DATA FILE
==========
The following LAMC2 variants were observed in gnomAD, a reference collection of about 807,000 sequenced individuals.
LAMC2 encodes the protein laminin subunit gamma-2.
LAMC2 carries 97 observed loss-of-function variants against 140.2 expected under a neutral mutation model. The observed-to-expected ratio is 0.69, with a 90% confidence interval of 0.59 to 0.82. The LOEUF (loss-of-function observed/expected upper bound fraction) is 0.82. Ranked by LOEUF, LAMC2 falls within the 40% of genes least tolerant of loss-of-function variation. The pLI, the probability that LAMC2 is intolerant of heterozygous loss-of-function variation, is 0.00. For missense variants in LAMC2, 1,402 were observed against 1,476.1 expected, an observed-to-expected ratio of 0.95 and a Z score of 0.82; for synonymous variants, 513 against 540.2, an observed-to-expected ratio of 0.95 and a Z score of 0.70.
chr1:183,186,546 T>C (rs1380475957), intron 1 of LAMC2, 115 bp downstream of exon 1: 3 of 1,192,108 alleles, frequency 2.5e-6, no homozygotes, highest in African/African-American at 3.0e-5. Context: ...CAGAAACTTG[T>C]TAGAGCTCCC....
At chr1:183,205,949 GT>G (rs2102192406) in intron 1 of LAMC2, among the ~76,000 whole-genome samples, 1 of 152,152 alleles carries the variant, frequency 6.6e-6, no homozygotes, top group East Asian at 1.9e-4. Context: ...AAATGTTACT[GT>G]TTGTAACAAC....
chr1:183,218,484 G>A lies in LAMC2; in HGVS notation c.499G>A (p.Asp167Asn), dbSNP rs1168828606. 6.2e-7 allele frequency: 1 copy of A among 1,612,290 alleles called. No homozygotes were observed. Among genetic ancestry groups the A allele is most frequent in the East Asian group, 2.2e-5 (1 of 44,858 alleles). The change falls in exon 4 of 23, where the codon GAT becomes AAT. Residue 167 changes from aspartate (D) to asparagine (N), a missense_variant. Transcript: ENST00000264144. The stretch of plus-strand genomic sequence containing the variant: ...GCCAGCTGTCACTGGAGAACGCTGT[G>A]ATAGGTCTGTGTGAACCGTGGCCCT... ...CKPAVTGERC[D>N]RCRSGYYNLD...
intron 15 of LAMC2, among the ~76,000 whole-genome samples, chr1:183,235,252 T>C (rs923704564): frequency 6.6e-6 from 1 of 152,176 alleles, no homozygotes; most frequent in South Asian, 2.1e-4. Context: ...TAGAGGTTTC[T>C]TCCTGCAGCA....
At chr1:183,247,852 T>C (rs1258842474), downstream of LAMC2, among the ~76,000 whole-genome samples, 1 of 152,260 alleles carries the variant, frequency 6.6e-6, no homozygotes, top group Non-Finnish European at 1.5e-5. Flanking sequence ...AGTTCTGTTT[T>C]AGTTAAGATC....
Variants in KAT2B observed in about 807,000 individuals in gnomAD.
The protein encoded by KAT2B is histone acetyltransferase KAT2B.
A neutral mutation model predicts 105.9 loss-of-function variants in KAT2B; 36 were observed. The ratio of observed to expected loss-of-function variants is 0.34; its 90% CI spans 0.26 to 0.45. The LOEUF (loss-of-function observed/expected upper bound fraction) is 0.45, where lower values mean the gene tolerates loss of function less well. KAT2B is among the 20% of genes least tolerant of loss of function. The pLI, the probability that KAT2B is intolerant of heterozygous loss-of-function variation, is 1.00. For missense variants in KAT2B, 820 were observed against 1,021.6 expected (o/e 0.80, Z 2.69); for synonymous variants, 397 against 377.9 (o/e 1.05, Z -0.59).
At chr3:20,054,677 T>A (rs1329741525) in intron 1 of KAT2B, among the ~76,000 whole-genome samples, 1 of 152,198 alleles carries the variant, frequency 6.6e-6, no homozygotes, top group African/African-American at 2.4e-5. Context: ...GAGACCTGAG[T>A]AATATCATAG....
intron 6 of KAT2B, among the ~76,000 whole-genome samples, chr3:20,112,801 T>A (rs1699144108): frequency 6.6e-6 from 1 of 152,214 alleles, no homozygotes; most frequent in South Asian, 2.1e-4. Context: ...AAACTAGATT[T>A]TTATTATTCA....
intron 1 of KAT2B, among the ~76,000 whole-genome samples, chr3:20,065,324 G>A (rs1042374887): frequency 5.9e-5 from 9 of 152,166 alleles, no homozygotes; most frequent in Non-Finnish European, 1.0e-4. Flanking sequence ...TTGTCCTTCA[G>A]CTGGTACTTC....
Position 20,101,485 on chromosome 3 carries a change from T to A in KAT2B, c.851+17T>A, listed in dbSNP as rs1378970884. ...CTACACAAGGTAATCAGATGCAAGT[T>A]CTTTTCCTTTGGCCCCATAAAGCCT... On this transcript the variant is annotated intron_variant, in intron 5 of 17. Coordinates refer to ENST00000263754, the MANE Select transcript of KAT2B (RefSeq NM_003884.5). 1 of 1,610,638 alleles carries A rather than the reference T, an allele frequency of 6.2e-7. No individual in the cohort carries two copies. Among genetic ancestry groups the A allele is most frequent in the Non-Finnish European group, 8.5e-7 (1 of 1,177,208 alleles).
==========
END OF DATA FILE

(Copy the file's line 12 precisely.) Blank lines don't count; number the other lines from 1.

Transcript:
At chr3:20,054,677 T>A (rs1329741525) in intron 1 of KAT2B, among the ~76,000 whole-genome samples, 1 of 152,198 alleles carries the variant, frequency 6.6e-6, no homozygotes, top group African/African-American at 2.4e-5. Context: ...GAGACCTGAG[T>A]AATATCATAG....